Everybody, including me, has started with Ikea. After all a lot of us have arrived to Brussels without really knowing how long they were going to stay, and Ikea was the perfect solution for a temporary accommodation.

But after a certain age (I speak for myself!) and once you’ve bought a home where you plan to stay for a while, it makes sense to buy good quality furniture. Furniture that you love and know will pass the test of time.

That is why since a few years I collaborate with a few suppliers (mostly Italian) and I am able to design and supply all sort of furniture for my clients, both for big renovation projects and for redecoration ones. 

We design and choose the furniture as part of the overall project so that it fits into the interior style we’ve agreed. At the end of the renovation my clients can walk into a fully finished house and enjoy it from day one.

Here are some of wardrobes we designed and supplied.

I selected a few examples of difficult spaces to show how it is possible to still fit a good and beautiful wardrobe.

Slanted ceiling

This apartment we fully renovated had all the bedrooms with a slanted ceiling.

To maximize storage we designed a wardrobe that would use all the available wall, with doors following the slope of the ceiling.

This wardrobe had the standard modules that are available from my supplier Siloma but we combined them in such a way to fill the wall and I supplied the measures for cutting the doors according to the slope.

Therefore it is not a fully custom made but a sort of in-between solution that is more affordable. 

A niche with strange dimensions

This entrance hall had a niche next to the door but its dimensions were not the standard ones. The depth was not enough and the width was also a strange dimension.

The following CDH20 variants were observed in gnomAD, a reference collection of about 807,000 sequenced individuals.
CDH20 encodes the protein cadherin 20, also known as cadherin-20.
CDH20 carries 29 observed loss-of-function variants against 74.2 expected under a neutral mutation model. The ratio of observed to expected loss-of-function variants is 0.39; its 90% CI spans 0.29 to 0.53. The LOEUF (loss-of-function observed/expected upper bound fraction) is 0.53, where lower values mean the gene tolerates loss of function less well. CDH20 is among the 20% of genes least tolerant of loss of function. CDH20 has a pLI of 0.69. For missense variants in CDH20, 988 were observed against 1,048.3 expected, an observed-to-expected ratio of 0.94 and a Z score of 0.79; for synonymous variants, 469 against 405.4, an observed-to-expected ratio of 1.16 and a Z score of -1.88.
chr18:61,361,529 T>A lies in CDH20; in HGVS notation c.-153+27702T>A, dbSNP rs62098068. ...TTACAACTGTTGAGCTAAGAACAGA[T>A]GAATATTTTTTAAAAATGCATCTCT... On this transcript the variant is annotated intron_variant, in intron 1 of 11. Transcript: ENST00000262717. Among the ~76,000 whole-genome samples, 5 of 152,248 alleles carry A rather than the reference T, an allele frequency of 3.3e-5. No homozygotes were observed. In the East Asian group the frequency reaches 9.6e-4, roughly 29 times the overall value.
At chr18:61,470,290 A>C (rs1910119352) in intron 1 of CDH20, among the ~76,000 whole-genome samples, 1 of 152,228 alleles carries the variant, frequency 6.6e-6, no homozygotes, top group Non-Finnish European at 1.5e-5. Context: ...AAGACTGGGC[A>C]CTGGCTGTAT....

We found a module that would fit almost perfectly both in width and in height and added a side panel for the visible part.

To mask the irregularity of the space, walls and wardrobe have the same colour and the wardrobe “disappears”.

Door opening up to wardrobe

During the renovations I often redesign the rooms and move the door to allow space for the wardrobe behind the door.

This, however, was not possible in this example. I don’t like facing the side of the wardrobe so I suggested one that has a bookcase on the side.

Photo from

We also added a matching bed side table.

Children wardrobe at accessible height

In this case, my client wanted to have a piece of furniture which would serve both as wardrobe and as a bookcase/toys storage and would be easily accessible by a child.
The child chose the colours and we created a composition that used all the space under the slanted roof.

The perfect scenario…almost

The perfect scenario is when you have a full available wall behind a door or between two walls with a big enough depth to fit a wardrobe.

Here we almost had it …except that the beautiful internal stained glass window was in the way. We chose then to have a slightly narrower wardrobe to leave the window visible and still have enough storage space.

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